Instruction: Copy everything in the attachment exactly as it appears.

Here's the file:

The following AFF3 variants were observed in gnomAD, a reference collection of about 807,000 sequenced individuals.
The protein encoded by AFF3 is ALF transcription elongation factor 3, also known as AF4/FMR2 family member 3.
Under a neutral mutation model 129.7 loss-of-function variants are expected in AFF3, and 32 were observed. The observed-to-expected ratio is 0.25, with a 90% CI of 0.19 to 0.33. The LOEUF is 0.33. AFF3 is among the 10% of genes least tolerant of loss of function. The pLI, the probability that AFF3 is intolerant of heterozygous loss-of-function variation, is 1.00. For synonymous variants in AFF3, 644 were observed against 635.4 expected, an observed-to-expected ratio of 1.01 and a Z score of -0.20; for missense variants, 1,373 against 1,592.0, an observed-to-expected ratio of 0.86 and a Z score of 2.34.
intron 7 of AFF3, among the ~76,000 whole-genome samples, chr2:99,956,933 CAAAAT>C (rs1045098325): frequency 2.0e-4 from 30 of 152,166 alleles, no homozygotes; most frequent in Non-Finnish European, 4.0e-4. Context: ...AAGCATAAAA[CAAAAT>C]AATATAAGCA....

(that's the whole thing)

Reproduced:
The following AFF3 variants were observed in gnomAD, a reference collection of about 807,000 sequenced individuals.
The protein encoded by AFF3 is ALF transcription elongation factor 3, also known as AF4/FMR2 family member 3.
Under a neutral mutation model 129.7 loss-of-function variants are expected in AFF3, and 32 were observed. The observed-to-expected ratio is 0.25, with a 90% CI of 0.19 to 0.33. The LOEUF is 0.33. AFF3 is among the 10% of genes least tolerant of loss of function. The pLI, the probability that AFF3 is intolerant of heterozygous loss-of-function variation, is 1.00. For synonymous variants in AFF3, 644 were observed against 635.4 expected, an observed-to-expected ratio of 1.01 and a Z score of -0.20; for missense variants, 1,373 against 1,592.0, an observed-to-expected ratio of 0.86 and a Z score of 2.34.
intron 7 of AFF3, among the ~76,000 whole-genome samples, chr2:99,956,933 CAAAAT>C (rs1045098325): frequency 2.0e-4 from 30 of 152,166 alleles, no homozygotes; most frequent in Non-Finnish European, 4.0e-4. Context: ...AAGCATAAAA[CAAAAT>C]AATATAAGCA....